I was having difficulty, as most new students do, at trying to figure out which way to turn the wheel. In the midst of the backing maneuver, with the added pressure of onlookers, etc. it was hard for me to instinctively know which way to turn the wheel. My pea brain couldn't 'do the math' quick enough to follow the instructors' mantra of 'proper' hand placement, turning into trouble, etc. So, I resorted to what my father had told me as a kid backing up different types of trailers. Put one hand on the BOTTOM of the steering wheel and, while looking in either mirror, simply push your hand in the direction you want your trailer to go! Simple! No extra thought involved, none of the "ok, if I turn this way the trailer goes that way, so I have to turn the opposite way", etc., freeing you up to concentrate more fully on what is happening outside your tractor. Also, I didn't have to stop the maneuver to think about it and backing always seems to go better in one fluid, slow, motion rather than starting and stopping continually. It immediately made everything fall into place and I shared it with some of the other guys in my group who were really struggling with their backing and it seemed to help them also. I have used it throughout for my first year of driving, never felt guilty about not doing it "the proper way" and now thoroughly enjoy challenging backing maneuvers at tight shippers! I enjoy the challenge, the sense of satisfaction when completed, and it breaks up the boredom of a day spent rolling forward!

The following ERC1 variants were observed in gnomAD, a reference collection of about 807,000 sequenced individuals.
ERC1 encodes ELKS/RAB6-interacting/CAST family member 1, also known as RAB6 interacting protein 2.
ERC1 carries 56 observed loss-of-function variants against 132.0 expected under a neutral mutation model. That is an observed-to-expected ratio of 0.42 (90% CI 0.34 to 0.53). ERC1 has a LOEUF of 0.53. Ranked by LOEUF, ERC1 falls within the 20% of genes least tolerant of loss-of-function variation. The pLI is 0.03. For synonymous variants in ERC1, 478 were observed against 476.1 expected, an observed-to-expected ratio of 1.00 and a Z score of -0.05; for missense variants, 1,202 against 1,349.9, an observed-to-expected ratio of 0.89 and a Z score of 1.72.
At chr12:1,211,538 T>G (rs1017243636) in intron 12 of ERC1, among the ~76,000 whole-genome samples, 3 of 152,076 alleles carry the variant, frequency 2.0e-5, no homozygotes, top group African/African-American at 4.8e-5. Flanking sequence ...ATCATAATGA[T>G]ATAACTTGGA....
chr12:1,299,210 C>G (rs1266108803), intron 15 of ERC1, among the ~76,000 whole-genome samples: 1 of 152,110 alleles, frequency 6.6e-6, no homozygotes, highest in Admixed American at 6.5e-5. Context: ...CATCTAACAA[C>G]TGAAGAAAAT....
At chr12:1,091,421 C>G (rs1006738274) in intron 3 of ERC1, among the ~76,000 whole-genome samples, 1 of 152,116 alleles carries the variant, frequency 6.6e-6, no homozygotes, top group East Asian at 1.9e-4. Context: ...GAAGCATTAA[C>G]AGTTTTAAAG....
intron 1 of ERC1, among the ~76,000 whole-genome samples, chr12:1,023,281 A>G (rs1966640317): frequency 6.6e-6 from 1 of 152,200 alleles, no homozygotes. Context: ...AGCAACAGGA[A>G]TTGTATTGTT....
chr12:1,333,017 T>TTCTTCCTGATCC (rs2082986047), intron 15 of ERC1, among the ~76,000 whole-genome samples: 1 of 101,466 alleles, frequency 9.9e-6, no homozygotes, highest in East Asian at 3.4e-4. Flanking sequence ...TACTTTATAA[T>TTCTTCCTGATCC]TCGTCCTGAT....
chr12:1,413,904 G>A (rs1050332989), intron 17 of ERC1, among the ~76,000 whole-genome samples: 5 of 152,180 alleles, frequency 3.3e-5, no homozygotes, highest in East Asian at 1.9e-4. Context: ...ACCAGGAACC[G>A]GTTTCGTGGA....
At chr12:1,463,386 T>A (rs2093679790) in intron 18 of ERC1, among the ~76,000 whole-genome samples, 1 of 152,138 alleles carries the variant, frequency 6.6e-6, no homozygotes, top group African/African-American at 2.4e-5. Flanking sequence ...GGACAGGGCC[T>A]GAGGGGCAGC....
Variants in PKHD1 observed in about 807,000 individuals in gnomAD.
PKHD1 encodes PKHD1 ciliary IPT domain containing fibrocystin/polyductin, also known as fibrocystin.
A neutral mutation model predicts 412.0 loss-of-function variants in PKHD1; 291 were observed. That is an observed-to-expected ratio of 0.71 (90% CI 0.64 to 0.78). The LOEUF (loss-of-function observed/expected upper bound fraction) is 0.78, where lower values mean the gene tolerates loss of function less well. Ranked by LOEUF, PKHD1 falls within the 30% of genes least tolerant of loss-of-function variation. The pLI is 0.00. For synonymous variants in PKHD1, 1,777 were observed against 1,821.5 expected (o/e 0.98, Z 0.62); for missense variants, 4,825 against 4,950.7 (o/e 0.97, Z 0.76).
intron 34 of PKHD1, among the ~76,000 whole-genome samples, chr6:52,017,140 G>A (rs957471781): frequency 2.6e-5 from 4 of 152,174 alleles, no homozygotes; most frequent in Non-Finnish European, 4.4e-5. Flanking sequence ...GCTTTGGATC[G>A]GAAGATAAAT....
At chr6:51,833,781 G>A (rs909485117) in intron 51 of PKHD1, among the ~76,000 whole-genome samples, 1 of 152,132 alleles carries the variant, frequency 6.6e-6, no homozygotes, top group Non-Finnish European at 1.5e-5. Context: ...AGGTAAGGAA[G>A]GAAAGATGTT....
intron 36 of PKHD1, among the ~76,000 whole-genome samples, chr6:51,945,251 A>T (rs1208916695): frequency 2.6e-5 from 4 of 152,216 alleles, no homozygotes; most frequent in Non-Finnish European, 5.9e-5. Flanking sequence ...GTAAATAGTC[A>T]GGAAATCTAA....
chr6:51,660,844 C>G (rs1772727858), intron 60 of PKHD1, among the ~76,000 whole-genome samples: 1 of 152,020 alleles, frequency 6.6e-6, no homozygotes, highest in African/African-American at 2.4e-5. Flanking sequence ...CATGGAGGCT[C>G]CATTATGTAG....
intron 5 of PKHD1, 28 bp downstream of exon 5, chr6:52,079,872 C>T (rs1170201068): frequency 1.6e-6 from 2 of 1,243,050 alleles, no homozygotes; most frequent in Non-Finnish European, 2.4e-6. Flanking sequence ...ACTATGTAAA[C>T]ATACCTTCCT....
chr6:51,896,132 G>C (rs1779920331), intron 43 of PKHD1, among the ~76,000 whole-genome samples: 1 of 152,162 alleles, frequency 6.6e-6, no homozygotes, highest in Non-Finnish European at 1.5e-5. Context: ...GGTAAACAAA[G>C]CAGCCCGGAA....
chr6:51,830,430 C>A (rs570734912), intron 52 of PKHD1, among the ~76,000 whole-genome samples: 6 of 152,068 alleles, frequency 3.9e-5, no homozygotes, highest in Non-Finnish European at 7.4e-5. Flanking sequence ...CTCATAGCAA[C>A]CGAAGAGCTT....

One more word of advice.... the school I attended had weekday students (3 weeks, 5 days-per-week) and weekend only students (I don't know how many weekends it took them) but I took the initiative and showed up at the school at least 1 extra weekend day for three consecutive weekends. I used the time to go over and over and over my pre-trip inspection on the driving test trucks that were parked off to the side. Recognizing my initiative, the various instructors (who had to work weekends!) also managed to let me jump into rotation and take an extra turn or two on several of the backing maneuver stations. This helped me develop the muscle memory and familiarity necessary to pass the exams. I am proud to report that I was the only one, out of a class of 14, that passed pre-trip, backing maneuvers and road test on my first try! Got my plastic the first day and attribute it to the extra effort I put in. These initial driving/clutching/backing skills are difficult to master at first, but become second nature as you move on in your career to the advanced challenges of time management, winter driving skills, trip planning, etc.

I hope that helps and best of luck moving forward. You seem to have the drive to succeed so keep plugging!

Posted:  5 years, 8 months ago